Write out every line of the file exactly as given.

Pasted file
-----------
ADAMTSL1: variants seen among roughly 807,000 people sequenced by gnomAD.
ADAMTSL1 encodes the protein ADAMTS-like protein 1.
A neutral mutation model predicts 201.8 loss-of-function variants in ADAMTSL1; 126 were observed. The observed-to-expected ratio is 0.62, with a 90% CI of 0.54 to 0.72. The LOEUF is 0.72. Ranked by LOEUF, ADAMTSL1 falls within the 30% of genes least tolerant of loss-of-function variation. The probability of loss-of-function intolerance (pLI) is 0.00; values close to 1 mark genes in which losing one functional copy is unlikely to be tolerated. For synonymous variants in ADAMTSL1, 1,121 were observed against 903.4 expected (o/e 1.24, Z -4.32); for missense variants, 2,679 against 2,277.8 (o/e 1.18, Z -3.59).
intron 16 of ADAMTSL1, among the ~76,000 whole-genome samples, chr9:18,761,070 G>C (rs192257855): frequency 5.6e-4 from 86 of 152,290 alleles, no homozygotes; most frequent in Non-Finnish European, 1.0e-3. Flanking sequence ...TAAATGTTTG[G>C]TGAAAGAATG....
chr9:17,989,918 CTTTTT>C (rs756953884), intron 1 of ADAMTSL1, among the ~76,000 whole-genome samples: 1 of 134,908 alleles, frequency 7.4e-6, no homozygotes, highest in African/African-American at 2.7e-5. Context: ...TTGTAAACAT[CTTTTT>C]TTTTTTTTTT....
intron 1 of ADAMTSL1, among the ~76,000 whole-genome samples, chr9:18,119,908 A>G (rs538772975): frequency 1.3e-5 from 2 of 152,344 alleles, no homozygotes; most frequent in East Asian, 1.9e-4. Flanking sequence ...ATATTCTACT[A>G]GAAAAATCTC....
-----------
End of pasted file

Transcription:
ADAMTSL1: variants seen among roughly 807,000 people sequenced by gnomAD.
ADAMTSL1 encodes the protein ADAMTS-like protein 1.
A neutral mutation model predicts 201.8 loss-of-function variants in ADAMTSL1; 126 were observed. The observed-to-expected ratio is 0.62, with a 90% CI of 0.54 to 0.72. The LOEUF is 0.72. Ranked by LOEUF, ADAMTSL1 falls within the 30% of genes least tolerant of loss-of-function variation. The probability of loss-of-function intolerance (pLI) is 0.00; values close to 1 mark genes in which losing one functional copy is unlikely to be tolerated. For synonymous variants in ADAMTSL1, 1,121 were observed against 903.4 expected (o/e 1.24, Z -4.32); for missense variants, 2,679 against 2,277.8 (o/e 1.18, Z -3.59).
intron 16 of ADAMTSL1, among the ~76,000 whole-genome samples, chr9:18,761,070 G>C (rs192257855): frequency 5.6e-4 from 86 of 152,290 alleles, no homozygotes; most frequent in Non-Finnish European, 1.0e-3. Flanking sequence ...TAAATGTTTG[G>C]TGAAAGAATG....
chr9:17,989,918 CTTTTT>C (rs756953884), intron 1 of ADAMTSL1, among the ~76,000 whole-genome samples: 1 of 134,908 alleles, frequency 7.4e-6, no homozygotes, highest in African/African-American at 2.7e-5. Context: ...TTGTAAACAT[CTTTTT>C]TTTTTTTTTT....
intron 1 of ADAMTSL1, among the ~76,000 whole-genome samples, chr9:18,119,908 A>G (rs538772975): frequency 1.3e-5 from 2 of 152,344 alleles, no homozygotes; most frequent in East Asian, 1.9e-4. Flanking sequence ...ATATTCTACT[A>G]GAAAAATCTC....